Flies Loch
Loch Cuileig

Were midges less common? Is there any relation to ticks, whose numbers have soared due to the unsustainable numbers of sheep on the hill, bringing with them serious medical concerns.


Minnows’ Loch
Loch na Doirb

Charr Loch
Loch nam Breac Dearg

There is a more definite sense of species in these two lochs, Loch na Doirb (NH533248), south of Ballaggan, and Loch nam Breac Dearg (NH454225), west of Loch Ness. The Gaelic, Breac Dearg translates as Red Trout, but this name refers to what, in English, we call charr.


 

Dragon Mead
Dundreggan


Dragons are another matter altogether. Working on a translation of Dundreggan (NH315140), home of Trees for Life, I was told that Duldreggan was the spelling in 1509. The first element may be a corrupt form of the Gaelic dail, sharing a meaning with the Brittonic dot, meadow, low fertile spot, dale. The dragon element of Dundreggan is sometimes said to derive from a personal name.

I liked the simplicity of mead for meadow from one of the historical sources, though as Peadar points out haugh would be more conventional. That shift away from the expected helps lessen the too gentle air of lowland pastoral that the word meadow tends to frame. With a Bioregion such as the Highlands it’s important to shift the register of names to reflect the harsh conditions. A friend did point out that the result, Dragon’s Mead, sounds a bit too like a Harry Potteresque drink, but doesn’t JK Rowling’s imagination draw on Highland ecology and the totemic presence of the relic Scots pines that make the wee islands on Loch Eilt so magical? And it belongs in an organization which has earned the sponsorship of the Order of Bards, Ovates and Druids.


 

Another example where Peadar and I introduced a less common local term is the Scots garron, from Gaelic, gearran – seemingly corrupted to Geur-oirean in the name:


Garrons Corrie Head
Mullach Coire nan Geur-oirean


Mullach Coire nan Geur-oirean (NH295070), Head of the Horses Hollow, is a couple of miles north-west of Glenmallie. It would have been a place where hardy Highland ponies roamed free out on the hill. I found a host of these names in the stalking heartlands of upper Deeside.

Easg Chapall
Mares Bog

Féith Shearrach
Colts’ Vein

Lag an t-Searraich
Colt’s Dip

Féith Preas an Eich Bhlàir
Vein of the White-faced Horse’s Thicket

Cuachan Craggana Shearrach
Foals-crag Burnie

Allt Clais an Eich
Horse-hollow Burn

Coire Odhar nan Each
Dun-coloured Corrie of the Ponies

Bad-each
Horses Thicket


Garron, Glen Isla: photography Hannah Devereux, 2015


Garron can find their way into bogs where no Land Rover dares and, in recent years, they have become popular again, especially on stalking estates, where they add a sense of tradition.

I have a vague memory of the word from childhood, appearing in the opening scene of Bannockburn. Histories tell how Bruce rode an unarmoured garron, using its nippiness to kill De Bohun on his ponderous mighty steed.

Peadar notes that Mullach Coire nan Geur-oirean could be read differently, as it superficially means The Top of the Corrie of the Sharp-edges.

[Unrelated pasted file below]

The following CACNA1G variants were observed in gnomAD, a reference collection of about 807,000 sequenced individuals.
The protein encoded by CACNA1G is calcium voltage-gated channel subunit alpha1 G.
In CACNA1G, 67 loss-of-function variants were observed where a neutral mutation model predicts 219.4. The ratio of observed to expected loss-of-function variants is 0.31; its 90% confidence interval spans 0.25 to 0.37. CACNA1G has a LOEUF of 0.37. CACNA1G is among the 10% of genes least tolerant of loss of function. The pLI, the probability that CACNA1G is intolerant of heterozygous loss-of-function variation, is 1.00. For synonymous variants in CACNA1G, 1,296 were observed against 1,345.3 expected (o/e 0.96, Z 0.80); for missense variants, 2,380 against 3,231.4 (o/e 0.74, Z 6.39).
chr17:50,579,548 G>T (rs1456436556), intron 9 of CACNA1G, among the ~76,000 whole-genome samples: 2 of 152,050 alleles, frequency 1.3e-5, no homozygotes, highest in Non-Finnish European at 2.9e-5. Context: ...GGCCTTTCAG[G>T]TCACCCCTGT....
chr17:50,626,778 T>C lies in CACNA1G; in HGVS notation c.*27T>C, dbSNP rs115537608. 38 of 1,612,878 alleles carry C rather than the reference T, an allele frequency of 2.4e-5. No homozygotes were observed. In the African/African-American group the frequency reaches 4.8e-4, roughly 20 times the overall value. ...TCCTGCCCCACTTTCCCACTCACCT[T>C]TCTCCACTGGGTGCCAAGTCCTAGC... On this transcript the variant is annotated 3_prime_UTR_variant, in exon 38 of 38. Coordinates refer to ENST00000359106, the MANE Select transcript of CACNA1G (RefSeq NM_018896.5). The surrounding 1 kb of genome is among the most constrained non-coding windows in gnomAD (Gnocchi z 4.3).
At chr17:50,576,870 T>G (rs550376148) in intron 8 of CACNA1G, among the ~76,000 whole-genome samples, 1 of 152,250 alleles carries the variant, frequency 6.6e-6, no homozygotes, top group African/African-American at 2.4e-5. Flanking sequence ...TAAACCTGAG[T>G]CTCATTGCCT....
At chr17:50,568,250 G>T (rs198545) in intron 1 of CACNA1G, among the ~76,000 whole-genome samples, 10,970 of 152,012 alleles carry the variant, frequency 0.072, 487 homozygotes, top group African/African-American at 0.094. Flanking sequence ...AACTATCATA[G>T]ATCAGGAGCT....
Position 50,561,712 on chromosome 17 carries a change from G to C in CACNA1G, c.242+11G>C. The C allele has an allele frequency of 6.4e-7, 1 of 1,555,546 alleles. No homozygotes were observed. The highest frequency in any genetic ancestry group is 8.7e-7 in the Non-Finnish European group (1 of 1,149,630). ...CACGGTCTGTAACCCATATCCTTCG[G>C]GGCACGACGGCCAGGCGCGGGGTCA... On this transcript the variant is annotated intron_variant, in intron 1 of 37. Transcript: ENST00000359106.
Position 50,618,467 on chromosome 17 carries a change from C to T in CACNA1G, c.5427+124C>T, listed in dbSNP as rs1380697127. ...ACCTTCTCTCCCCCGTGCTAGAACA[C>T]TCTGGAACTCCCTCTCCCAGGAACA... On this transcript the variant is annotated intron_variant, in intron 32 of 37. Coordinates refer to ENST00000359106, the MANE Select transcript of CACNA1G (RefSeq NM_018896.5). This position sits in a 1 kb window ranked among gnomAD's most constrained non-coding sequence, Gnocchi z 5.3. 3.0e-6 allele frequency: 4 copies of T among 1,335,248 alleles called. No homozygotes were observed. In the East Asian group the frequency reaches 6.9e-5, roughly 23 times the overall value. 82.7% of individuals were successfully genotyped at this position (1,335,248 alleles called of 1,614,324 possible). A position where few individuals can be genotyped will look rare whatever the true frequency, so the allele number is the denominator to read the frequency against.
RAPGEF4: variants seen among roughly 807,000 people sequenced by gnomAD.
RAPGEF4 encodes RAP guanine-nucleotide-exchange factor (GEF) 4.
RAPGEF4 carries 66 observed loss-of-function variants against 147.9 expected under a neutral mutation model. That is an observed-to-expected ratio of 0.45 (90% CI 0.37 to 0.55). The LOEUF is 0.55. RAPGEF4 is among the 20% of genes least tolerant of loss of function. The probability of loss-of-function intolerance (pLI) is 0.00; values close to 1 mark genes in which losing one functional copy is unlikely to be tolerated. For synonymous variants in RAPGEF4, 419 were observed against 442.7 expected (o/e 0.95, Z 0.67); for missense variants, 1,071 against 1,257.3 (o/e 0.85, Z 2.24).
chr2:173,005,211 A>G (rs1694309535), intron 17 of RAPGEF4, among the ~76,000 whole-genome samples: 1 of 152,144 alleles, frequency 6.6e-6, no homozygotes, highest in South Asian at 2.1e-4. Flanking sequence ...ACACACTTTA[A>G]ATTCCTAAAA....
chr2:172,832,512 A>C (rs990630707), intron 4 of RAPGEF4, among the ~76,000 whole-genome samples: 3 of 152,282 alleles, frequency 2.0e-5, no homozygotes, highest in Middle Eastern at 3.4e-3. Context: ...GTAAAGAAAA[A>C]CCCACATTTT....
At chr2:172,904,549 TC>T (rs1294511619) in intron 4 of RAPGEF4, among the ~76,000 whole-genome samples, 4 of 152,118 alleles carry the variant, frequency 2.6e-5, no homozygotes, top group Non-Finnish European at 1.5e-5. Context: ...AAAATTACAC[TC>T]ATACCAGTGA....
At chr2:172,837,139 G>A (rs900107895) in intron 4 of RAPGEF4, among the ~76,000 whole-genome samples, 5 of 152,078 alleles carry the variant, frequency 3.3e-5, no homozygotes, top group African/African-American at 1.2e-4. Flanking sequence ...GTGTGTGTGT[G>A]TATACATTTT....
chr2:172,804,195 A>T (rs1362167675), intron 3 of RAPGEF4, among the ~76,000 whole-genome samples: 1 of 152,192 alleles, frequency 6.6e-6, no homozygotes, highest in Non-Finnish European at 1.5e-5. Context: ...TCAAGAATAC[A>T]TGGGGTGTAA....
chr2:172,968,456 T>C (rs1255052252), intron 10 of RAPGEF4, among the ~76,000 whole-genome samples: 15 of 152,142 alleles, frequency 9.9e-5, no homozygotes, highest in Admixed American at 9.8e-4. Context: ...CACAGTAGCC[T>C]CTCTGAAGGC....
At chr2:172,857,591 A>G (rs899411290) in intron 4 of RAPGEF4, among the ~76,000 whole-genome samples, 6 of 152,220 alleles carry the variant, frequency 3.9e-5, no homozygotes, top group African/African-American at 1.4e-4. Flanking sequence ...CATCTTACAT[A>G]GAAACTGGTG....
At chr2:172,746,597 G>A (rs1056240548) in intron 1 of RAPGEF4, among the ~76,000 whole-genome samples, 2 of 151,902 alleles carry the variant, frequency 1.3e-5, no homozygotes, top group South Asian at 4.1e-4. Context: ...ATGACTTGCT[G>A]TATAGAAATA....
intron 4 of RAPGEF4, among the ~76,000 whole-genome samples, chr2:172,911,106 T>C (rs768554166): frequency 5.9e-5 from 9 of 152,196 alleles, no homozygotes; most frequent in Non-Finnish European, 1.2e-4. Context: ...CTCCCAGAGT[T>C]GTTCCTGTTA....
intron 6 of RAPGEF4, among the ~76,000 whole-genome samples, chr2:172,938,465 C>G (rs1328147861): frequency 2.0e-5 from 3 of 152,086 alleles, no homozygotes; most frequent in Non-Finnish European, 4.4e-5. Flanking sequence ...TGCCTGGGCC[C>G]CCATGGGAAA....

THE TOP : MULLACH



 

Another complicating factor in translating place-names is maps themselves. Gaelic names may be ‘incorrect’ because local dialects had evolved beyond standard orthography. The problems weren’t always the fault of ‘sassenach’ mapmakers, ignorant of the native culture. Some names were transcribed incorrectly, and perhaps the odd informant deliberately gave incorrect information. John Murray notes that some Victorian mapmakers used phonetic spelling, avoiding the Gaelic conventions. There would have been some argument for this if their grasp of phonetics had been expert, as a way to maintain the patterns, patter and patina of speech.


In recent years the Ordnance Survey have made an effort to remedy past failings with respect to Gaelic. My collaborator, Peadar Morgan, helped persuade them to change a number of incorrect spellings, including some well known places, such as Gleann Einich, which now appears in line with the local Gaelic tradition as Gleann Eanaich in maps of the Cairngorms. The correct pronunciation is glown ENich, Glen of the Boggy Place, or, by my way of it, Boggybit Glen.




Peadar and his peers encourage the OS to use modern Gaelic orthography. For instance, the approved spelling for mountain ash is caorann, of the ash, a’ chaorainn, but the old OS name books record Allt a’ Chaoruinn (NH191031), Rowan Burn, which flows down to Loch Garry from Meall Leac Ulaidh. The spelling has been ‘corrected’, but care is needed when imposing standardisation. On occasion old spellings hint at local dialect, and the tongue is key in unlocking the original meaning of a place-name. An expert has to be able to tell a mistake from a meaningful local variation.

Against the plea for allowing slight variances in dialect there stands the need to firmly maintain Gaelic as a contemporary language, held to the same exacting standards as General English.


  Trees for Life, Dundreggan: photography Alice Ladenburg


In our map area another example of these variations in spelling is aobran, which contemporary Gaelic Orthographic Convention gives as adhbrann.


Pine Burn Ankle
Adhbrann Allt a' Ghiuthais


The conventional translation is The Ankle of the Fir Stream, describing a knowe on a sharp bend on the River Kingie. To me something rankles in that ‘ankle’, but it is a very rare form so let’s allow it room. A socket, or gall of bone can be imagined and Peadar notes that McBean gives “out-bulge”, which fits the knowe. The map makes you wonder if it was named from a bird’s-eye view, the pivoting of the foot is so clear to see, and yet it is the rise in elevation that shapes the bone. 


 

Traditionalists tend to respect Gaelic word order, but I prefer to bring names over into English, in the same way as a translator of a poem would. I’m keen to share the old style of translations in these blog posts – the idea isn’t to supplant them, but to encourage different approaches, and experiment with different imagery, to better suggest the eco-poetic aspect.